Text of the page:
A Korean man in his 40s ejaculated into his female colleague’s coffee tumbler six times. A male college student smeared his semen onto a female student’s sneakers. A graduate student mixed his sperm and spit into a female student’s coffee as “revenge” for rejecting his advances.
Most men who perpetrated these acts walked away with fines, partly because ejaculating or smearing one’s semen onto someone’s belongings does not classify as a sex crime in South Korea. But politicians and lawmakers like Back Hye-ryun are seeking to change that and fight what they call “semen terrorism.”
Back, from South Korea’s ruling Democratic Party, last month proposed amendments to current laws around sex crimes. Speaking to VICE World News, she highlighted severe flaws in the Korean legal system that failed to protect women against such acts, which under the current code are merely treated as property damage.
“Sex crimes need to be interpreted from the victim’s point of view. In South Korea, there’s a strong tendency to put suspects in the center of all cases, which should change,” Back said. “There’s no law that can punish people who commit evolving sexual crimes at the moment and the penalties are not strong enough at all either.”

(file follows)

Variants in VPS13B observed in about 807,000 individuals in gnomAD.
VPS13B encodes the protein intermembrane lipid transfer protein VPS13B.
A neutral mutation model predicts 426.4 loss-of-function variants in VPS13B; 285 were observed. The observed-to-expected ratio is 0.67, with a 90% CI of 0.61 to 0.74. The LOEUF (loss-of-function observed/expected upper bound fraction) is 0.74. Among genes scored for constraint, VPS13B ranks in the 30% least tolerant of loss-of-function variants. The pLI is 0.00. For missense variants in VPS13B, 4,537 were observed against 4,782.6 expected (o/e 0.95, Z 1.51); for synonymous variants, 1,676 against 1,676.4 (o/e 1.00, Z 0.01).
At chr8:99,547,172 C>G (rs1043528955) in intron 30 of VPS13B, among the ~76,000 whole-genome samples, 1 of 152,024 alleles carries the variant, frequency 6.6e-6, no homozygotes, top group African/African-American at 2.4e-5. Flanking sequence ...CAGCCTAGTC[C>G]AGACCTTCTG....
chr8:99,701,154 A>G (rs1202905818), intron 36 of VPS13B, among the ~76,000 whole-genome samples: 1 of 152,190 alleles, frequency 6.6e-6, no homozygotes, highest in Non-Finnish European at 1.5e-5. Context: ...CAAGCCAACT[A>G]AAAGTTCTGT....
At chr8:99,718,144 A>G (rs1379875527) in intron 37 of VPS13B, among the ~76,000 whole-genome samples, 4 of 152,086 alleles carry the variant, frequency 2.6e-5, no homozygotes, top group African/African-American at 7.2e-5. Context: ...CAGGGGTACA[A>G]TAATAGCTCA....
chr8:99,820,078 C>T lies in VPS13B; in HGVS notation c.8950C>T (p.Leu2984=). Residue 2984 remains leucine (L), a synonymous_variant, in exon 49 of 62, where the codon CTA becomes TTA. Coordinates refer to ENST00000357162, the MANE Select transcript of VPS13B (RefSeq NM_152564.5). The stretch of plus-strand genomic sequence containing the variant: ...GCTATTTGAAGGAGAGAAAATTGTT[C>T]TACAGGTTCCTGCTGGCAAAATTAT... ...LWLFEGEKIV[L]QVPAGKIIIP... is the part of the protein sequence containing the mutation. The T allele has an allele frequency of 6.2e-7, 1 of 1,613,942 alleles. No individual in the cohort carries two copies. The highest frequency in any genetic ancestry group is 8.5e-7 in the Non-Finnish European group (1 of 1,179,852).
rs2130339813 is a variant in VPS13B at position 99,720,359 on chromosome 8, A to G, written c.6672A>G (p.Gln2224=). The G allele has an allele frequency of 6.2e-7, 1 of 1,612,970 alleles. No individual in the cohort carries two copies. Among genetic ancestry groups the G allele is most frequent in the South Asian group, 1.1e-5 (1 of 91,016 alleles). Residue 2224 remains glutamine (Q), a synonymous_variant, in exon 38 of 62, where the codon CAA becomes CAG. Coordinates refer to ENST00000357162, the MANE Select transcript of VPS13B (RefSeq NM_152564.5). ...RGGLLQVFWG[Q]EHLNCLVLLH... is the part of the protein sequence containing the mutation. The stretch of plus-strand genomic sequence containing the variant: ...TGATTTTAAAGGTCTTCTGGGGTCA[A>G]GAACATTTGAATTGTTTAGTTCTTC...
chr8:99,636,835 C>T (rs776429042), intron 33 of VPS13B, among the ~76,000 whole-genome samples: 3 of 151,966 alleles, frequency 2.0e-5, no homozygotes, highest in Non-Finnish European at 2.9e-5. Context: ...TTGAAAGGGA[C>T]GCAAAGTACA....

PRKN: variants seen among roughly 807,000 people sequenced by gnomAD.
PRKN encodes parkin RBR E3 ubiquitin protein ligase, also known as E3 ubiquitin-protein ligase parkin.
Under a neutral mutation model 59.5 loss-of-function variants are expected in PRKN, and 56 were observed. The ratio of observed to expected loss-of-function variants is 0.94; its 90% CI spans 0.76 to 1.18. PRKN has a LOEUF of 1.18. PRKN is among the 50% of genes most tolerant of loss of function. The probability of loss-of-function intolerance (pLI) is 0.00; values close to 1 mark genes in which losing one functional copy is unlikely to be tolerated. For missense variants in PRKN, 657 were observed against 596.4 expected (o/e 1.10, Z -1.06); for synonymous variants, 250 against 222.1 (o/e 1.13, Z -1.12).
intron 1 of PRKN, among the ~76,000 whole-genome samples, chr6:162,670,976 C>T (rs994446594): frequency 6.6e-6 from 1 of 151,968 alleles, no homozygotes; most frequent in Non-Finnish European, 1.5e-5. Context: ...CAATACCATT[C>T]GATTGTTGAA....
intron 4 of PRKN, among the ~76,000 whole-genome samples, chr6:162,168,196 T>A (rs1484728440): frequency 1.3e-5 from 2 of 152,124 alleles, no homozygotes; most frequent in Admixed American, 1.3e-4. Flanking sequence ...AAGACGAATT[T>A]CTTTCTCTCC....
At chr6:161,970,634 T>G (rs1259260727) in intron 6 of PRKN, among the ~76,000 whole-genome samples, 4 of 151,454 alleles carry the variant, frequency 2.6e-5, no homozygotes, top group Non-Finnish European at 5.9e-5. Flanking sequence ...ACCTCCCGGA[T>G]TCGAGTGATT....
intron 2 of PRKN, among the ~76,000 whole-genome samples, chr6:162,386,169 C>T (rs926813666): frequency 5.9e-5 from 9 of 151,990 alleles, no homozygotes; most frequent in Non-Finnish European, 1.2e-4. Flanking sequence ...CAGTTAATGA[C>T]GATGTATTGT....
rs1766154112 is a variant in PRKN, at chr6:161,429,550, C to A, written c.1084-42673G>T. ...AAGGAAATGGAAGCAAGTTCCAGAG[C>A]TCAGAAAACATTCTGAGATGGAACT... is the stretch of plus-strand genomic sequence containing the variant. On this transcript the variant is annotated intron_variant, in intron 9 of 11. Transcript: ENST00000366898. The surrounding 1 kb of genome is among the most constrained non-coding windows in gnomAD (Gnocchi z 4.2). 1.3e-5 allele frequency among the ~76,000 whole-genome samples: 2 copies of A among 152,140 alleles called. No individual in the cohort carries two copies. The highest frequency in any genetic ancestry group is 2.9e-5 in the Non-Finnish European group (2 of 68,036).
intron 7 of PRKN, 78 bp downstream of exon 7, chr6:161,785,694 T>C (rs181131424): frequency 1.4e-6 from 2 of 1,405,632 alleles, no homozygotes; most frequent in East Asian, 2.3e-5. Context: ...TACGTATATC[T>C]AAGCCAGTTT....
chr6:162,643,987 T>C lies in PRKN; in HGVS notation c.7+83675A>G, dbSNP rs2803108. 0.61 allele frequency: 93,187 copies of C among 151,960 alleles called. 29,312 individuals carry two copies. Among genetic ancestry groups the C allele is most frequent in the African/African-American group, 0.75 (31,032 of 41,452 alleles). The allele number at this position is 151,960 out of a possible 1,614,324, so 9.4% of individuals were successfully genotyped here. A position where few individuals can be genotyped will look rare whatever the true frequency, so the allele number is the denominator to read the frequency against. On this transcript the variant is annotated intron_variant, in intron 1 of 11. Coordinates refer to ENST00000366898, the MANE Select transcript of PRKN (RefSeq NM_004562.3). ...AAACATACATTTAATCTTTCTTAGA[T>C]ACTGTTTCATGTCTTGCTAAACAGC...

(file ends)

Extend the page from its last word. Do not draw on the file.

Back cited a high-profile case in May that saw a male perpetrator being let off with a $2,500 fine for “damaging” his female colleague’s coffee tumbler six times over the course of half a year.
“Untypical sex crimes are on the rise, but our law cannot keep up with the speed and diversity,” she said.
“There is a need for broad recognition of sexual offenses to protect victims from crime. On top of it, it would be better for criminals too since they can get protected from committing further crimes through education or probation.”
“There’s no law that can punish people who commit evolving sexual crimes at the moment and the penalties are not strong enough at all either.”
One of the biggest economies in Asia, South Korea may be seeing advances in movements that empower women, but that has prompted pushback in the male-dominated society. This bubbled to the surface during the recent Tokyo Olympics, when a South Korean gold-medal archer was viciously attacked online by men who didn’t like her short hair.
Adding to the debate on abuse is the pervasive problem of digital sex crimes. In a 105-page report in June, Human Rights Watch highlighted a culture of female objectification and victim-blaming in Korea and “legislative gaps” in the law, which were often accompanied by sluggish law enforcement.
Correction: An earlier version of this story suggested that a man who served a woman a cup of coffee mixed with his sperm and spit was only fined. He was sentenced to prison for a series of non-sex crimes. We regret the error.